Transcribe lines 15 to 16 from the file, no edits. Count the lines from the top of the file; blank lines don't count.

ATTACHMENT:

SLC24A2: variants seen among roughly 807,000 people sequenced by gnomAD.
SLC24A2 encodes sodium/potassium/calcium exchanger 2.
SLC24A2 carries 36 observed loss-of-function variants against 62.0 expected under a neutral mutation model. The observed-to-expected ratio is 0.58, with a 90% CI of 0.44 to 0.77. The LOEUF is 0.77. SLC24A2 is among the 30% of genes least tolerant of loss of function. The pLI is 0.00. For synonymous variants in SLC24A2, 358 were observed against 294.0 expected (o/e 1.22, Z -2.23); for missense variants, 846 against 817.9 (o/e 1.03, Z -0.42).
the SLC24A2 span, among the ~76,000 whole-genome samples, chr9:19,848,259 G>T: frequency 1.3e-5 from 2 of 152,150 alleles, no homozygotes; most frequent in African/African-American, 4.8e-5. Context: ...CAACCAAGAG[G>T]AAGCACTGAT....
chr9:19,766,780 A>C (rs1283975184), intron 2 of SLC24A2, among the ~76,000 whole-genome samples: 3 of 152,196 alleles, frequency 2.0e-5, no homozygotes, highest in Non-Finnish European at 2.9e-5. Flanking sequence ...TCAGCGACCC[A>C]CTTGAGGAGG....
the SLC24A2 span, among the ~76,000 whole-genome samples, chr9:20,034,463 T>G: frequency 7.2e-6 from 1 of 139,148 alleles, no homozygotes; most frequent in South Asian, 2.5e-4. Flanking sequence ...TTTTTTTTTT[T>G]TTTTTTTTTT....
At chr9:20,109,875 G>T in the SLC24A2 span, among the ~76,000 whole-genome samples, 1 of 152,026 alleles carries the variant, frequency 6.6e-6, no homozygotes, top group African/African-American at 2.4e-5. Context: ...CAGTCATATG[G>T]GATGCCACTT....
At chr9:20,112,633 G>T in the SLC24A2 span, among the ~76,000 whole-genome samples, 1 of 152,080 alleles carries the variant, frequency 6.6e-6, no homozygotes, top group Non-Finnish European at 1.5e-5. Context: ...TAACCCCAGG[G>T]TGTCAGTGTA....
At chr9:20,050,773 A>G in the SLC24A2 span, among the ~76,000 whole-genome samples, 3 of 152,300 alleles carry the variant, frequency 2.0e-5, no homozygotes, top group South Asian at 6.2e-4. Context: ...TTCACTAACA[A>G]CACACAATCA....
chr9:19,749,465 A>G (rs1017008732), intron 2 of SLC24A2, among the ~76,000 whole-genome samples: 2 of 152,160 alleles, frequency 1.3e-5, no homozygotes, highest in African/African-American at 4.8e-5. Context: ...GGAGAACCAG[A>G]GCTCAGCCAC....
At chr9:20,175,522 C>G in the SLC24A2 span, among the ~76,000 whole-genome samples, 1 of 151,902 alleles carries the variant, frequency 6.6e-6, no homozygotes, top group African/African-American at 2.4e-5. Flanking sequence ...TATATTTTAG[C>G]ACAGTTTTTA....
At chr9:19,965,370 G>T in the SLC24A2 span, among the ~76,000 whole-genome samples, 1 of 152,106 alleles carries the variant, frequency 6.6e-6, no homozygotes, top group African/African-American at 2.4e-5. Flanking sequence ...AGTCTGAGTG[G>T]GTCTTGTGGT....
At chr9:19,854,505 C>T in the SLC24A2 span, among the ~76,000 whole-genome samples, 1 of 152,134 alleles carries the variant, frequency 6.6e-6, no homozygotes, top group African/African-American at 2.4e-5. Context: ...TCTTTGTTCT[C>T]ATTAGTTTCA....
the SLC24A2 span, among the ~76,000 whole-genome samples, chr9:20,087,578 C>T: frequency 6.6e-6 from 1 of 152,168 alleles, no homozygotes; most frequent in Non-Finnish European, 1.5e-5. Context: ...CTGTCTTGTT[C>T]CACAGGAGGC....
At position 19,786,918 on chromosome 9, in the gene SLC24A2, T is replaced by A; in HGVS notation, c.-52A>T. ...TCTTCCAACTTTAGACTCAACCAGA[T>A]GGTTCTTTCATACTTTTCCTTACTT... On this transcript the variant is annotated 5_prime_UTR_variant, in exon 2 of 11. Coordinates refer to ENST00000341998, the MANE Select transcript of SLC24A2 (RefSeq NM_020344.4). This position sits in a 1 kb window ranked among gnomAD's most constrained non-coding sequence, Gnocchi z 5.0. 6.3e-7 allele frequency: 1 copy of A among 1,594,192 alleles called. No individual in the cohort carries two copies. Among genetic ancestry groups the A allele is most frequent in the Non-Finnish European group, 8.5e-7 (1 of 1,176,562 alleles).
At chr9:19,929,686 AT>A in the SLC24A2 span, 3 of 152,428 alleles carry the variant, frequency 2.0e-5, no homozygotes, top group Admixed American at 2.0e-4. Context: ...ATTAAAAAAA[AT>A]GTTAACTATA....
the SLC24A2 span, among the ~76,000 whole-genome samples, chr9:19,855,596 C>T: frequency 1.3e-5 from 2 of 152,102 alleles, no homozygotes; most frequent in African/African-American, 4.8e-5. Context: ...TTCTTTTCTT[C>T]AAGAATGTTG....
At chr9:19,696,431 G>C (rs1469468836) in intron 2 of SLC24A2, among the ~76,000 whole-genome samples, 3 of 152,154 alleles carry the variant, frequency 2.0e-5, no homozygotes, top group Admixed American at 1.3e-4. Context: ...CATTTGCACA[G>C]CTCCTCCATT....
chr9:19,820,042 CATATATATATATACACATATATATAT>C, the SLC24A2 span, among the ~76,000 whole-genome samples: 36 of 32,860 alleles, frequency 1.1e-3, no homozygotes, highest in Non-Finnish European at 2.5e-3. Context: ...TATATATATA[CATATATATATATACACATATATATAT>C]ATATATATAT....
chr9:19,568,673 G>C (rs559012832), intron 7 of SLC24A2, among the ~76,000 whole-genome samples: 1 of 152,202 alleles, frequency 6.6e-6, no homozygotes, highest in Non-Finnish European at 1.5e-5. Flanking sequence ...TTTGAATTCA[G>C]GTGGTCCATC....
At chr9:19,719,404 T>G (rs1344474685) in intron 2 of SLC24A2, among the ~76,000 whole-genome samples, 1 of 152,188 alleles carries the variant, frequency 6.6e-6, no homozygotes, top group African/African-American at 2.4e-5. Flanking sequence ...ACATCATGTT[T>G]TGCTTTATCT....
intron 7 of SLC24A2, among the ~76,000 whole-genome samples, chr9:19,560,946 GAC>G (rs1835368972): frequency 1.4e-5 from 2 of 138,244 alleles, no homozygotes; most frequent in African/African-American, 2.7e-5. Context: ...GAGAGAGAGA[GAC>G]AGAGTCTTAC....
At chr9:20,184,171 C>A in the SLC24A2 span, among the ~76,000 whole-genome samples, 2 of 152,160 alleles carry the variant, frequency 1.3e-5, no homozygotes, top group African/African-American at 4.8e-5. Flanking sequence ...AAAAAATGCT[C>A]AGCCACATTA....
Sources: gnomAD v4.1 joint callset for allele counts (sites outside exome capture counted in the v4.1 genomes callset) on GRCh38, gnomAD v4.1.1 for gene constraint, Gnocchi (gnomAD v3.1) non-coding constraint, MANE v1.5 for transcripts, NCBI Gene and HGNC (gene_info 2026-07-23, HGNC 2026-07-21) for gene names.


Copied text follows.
At position 19,786,918 on chromosome 9, in the gene SLC24A2, T is replaced by A; in HGVS notation, c.-52A>T. ...TCTTCCAACTTTAGACTCAACCAGA[T>A]GGTTCTTTCATACTTTTCCTTACTT... On this transcript the variant is annotated 5_prime_UTR_variant, in exon 2 of 11. Coordinates refer to ENST00000341998, the MANE Select transcript of SLC24A2 (RefSeq NM_020344.4). This position sits in a 1 kb window ranked among gnomAD's most constrained non-coding sequence, Gnocchi z 5.0. 6.3e-7 allele frequency: 1 copy of A among 1,594,192 alleles called. No individual in the cohort carries two copies. Among genetic ancestry groups the A allele is most frequent in the Non-Finnish European group, 8.5e-7 (1 of 1,176,562 alleles).
At chr9:19,929,686 AT>A in the SLC24A2 span, 3 of 152,428 alleles carry the variant, frequency 2.0e-5, no homozygotes, top group Admixed American at 2.0e-4. Context: ...ATTAAAAAAA[AT>A]GTTAACTATA....